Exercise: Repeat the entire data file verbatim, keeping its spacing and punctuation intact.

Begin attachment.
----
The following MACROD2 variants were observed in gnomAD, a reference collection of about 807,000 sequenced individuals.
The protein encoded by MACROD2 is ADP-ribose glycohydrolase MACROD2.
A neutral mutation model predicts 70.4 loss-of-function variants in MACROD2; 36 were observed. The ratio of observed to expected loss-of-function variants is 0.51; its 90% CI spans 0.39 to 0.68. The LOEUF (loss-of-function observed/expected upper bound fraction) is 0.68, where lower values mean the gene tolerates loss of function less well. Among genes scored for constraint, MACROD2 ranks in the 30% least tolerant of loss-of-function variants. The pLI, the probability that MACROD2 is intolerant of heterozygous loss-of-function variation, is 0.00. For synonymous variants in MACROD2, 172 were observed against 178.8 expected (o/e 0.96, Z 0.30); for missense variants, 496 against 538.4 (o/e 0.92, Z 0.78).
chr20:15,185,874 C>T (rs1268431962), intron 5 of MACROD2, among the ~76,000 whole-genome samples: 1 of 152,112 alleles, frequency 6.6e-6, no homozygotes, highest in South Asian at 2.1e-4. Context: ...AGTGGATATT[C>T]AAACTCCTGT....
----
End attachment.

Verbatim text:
The following MACROD2 variants were observed in gnomAD, a reference collection of about 807,000 sequenced individuals.
The protein encoded by MACROD2 is ADP-ribose glycohydrolase MACROD2.
A neutral mutation model predicts 70.4 loss-of-function variants in MACROD2; 36 were observed. The ratio of observed to expected loss-of-function variants is 0.51; its 90% CI spans 0.39 to 0.68. The LOEUF (loss-of-function observed/expected upper bound fraction) is 0.68, where lower values mean the gene tolerates loss of function less well. Among genes scored for constraint, MACROD2 ranks in the 30% least tolerant of loss-of-function variants. The pLI, the probability that MACROD2 is intolerant of heterozygous loss-of-function variation, is 0.00. For synonymous variants in MACROD2, 172 were observed against 178.8 expected (o/e 0.96, Z 0.30); for missense variants, 496 against 538.4 (o/e 0.92, Z 0.78).
chr20:15,185,874 C>T (rs1268431962), intron 5 of MACROD2, among the ~76,000 whole-genome samples: 1 of 152,112 alleles, frequency 6.6e-6, no homozygotes, highest in South Asian at 2.1e-4. Context: ...AGTGGATATT[C>T]AAACTCCTGT....